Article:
It is great to live in a paradise, mountains in the west, and beautiful vineyards in the fertile central plain in the east. And of course being surrounded by wonderful golden beaches and clear turquoise water. Mallorca is not only our but also the home of someone else. In the Balearic marine life we find creatures we rarely have the opportunity to see!
Balearic Marine Life
“The sea around Mallorca is home to many marine animal species like stingrays, groupers, octopuses and lots of echinoderms etc. But the true beauty lies in something only few tourists acknowledge and will see during their dive trips. The loggerhead sea turtle is a rare sight but surely a beautiful one!
One of the most special species to be found in the waters around the island is the loggerhead sea turtle.
“The loggerhead sea turtle is one of the seven species of marine turtles present in the world’s oceans, and the most common species found around Spain. Unfortunately, all seven species are endangered worldwide, being prone to ingest plastic waste, getting entangled in fishing nets or lines and involved in boat accidents”, says Manon Happach, Ocean Guide at Palma Aquarium.
The Balearic Islands constitute the most important spawning area for the Atlantic bluefin tuna, certainly one of the most iconic species of the Mediterranean Sea. Strangely, not many people know about this amazing animal, which is one of the biggest (up to 4 meters), heaviest (600 kg) and fastest fish around Mallorca, accelerating faster than a Porsche.
FUN FACT: The atlantic bluefin tuna can accelerate faster than a Porsche!
Balearic Marine Reserves
Out at sea, maybe crossing over to the Cabrera archipelago, you might get lucky enough to see one of the rarest sea birds in the world: the endemic Balearic shearwater (Puffinus mauretanicus). Usually spending its life out at sea, it only returns to land to breed from February through to June.
The Balearic Islands have declared 7 marine reserves. Thus they are Spain’s autonomous region with the most marine protected areas.
Many tourists and residents love to spend their days in the water, diving or snorkelling. The famous diving areas of El Toro and Malgrats of Santa Ponça are nature reserves since 2004. Thus, they have an abundant biodiversity, featuring moray eels, groupers, amber jacks, brown meagre, barracudas, nudibranchs and octopuses. They are suitable for both beginners and experienced divers. However, due to strict regulations diving is permitted only with an authorization of a diving club. Other spots that are gorgeous are the Isla Dragonera and Cabrera Archipelago. The Cabrera Archipelago was declared a national park in 1991. And the island Dragonera is a nature reserve since 1995.
Due to the crystal clear water and the protection of these areas they belong to the top dive sites in Mallorca. The caves of Dragonera are especially interesting. More than half of the varieties of the fish living around the Balearic Islands can be found in the Cabrera park’s waters, which makes Cabrera such a fantastic dive site! Sometimes you even get to see dolphins or sea turtles.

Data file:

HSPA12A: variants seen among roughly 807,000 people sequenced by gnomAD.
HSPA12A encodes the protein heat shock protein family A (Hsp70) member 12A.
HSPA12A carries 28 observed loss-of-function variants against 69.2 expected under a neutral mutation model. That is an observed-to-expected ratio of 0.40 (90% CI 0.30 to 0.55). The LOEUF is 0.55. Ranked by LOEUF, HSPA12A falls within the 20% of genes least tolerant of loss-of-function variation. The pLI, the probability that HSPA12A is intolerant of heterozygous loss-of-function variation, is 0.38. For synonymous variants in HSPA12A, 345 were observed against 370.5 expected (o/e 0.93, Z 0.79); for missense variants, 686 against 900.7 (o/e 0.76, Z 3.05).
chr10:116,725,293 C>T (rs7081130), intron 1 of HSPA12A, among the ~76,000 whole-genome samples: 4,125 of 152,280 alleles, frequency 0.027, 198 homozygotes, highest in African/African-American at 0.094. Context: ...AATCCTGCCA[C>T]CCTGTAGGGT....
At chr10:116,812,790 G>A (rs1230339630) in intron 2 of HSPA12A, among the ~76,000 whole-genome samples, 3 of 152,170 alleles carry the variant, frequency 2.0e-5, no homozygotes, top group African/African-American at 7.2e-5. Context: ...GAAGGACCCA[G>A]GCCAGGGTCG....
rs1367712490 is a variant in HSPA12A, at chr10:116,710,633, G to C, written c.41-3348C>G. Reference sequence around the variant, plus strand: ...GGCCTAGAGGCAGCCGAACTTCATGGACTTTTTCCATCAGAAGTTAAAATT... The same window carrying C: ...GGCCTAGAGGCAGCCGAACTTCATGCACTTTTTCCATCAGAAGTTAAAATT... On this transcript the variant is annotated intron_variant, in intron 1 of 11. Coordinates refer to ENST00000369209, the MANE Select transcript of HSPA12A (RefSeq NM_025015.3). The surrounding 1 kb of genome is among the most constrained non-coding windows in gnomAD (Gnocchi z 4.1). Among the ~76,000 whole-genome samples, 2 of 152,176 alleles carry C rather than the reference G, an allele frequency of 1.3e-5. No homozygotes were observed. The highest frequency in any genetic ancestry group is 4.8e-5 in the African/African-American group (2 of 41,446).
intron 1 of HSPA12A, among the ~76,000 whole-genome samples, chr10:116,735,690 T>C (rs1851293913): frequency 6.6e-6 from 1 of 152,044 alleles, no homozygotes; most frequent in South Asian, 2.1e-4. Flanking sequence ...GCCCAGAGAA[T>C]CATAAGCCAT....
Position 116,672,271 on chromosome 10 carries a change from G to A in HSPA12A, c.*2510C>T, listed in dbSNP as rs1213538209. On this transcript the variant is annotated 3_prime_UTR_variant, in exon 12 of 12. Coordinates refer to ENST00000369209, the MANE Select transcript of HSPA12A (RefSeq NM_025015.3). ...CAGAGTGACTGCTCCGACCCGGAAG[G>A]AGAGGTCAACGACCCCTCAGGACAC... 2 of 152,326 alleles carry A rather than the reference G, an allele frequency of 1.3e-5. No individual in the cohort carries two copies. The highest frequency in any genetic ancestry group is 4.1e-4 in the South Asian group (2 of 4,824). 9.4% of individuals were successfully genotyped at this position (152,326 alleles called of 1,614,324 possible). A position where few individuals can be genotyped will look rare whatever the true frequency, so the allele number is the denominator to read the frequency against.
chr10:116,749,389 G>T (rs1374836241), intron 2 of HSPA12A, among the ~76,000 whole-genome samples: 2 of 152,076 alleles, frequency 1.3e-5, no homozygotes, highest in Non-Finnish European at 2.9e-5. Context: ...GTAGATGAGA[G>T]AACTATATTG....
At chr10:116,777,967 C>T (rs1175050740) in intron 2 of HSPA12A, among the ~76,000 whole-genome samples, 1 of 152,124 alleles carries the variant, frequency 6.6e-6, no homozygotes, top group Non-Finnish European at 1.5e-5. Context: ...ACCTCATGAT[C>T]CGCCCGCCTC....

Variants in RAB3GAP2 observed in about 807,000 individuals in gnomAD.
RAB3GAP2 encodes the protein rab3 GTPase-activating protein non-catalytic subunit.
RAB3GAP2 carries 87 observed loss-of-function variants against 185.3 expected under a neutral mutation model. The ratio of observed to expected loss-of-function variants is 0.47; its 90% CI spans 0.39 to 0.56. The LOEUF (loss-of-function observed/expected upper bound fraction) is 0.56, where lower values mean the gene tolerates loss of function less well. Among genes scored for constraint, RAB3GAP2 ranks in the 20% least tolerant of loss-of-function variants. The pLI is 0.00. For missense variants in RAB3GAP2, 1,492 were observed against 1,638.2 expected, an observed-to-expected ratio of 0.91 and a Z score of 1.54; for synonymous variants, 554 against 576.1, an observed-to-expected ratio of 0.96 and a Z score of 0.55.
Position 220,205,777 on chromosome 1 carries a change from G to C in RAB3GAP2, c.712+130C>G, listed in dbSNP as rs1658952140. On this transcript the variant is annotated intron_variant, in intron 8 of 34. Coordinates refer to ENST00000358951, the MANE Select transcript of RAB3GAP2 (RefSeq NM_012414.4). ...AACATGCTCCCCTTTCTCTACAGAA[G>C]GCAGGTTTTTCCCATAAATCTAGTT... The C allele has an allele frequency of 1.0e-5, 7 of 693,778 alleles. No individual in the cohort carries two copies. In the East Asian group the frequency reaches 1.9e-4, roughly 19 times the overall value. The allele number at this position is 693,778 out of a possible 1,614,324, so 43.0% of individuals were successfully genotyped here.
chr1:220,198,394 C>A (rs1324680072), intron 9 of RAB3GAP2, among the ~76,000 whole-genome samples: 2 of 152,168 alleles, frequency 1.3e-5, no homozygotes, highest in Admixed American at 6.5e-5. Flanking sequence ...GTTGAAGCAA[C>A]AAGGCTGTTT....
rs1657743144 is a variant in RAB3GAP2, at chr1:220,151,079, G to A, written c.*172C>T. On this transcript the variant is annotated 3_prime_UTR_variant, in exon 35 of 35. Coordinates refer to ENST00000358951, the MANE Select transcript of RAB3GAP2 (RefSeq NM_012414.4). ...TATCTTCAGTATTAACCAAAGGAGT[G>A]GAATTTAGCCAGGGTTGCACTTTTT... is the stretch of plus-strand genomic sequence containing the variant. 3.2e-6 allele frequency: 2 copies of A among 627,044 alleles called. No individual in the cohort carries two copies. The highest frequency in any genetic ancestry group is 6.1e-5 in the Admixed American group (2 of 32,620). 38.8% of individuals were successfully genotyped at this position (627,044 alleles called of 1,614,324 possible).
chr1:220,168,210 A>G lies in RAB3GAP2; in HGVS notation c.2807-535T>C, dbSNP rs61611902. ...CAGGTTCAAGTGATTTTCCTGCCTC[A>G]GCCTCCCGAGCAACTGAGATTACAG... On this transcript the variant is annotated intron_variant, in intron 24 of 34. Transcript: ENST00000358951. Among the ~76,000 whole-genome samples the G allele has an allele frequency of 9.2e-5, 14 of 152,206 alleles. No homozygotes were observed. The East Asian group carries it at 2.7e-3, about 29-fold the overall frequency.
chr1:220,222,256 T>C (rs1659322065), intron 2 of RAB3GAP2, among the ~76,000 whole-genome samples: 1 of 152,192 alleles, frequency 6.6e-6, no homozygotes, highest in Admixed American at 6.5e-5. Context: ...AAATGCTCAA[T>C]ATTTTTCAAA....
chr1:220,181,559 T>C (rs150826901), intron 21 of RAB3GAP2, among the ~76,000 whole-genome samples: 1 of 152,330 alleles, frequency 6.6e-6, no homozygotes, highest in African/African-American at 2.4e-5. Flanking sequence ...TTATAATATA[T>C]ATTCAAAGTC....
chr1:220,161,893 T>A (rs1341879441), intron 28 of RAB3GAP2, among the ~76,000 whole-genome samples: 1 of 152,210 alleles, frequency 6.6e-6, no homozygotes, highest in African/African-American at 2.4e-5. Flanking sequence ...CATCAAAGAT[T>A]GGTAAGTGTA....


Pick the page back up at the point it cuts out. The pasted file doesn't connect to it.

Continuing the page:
What we can do to improve Conditions for Marine Life
- Reduce your plastic waste: Do not use single use plastic bags. Buy reusable bottles and containers.
- Eat and buy consciously: Do not eat fish species that are in danger.
- Keep the environment clean: Do not litter and pick up any rubbish you see.
- Encourage others to care for the environment.
5 Ways to respect Balearic Marine Life
- Keep your distance. Marine wildlife is very sensitive to human disturbance. Always let the animals have unhindered right of way.
- Never touch or handle marine wildlife and do not feed or attract marine wildlife.
- Never chase or surround an animal.
- Stay away from wildlife that appears abandoned or sick. An animal that is sick or injured is already vulnerable and may be more likely to bite. If you think an animal is in trouble, call 112. They will send out a team of professionals to take care of it.
- Do not leave any litter behind when out in nature. Human garbage is one of the greatest threats to the marine ecosystem.
Around Mallorca, you can find a lot of posidonia oceanica meadows, an endemic Mediterranean specie. This “Neptune grass“ is home to most Mediterranean marine species that make up Balearic marine life. From small invertebrates to many species of fish. The sea grass creates a unique habitat providing shelter and food, increasing the biodiversity. It is a deciduous plant and loses its leaves in autumn. These wash up on the island’s beaches. Thanks to these leaves sand does not erode during the winter months. In addition, the leaves give nutrients to the dunes and forests behind the beaches. The Neptune grass generates 20 litres of oxygen per day per square meter. Thus, it is important to not remove it from the seabed and beaches.
If you wish to learn more about this topic visit the Cabrera National Park visitor centre in Colonia Sant Jordi. Or spend a day at Palma Aquarium, home to the rescue centre of marine turtles found around the Balearic Islands and to the largest exhibition of live corals in Europe.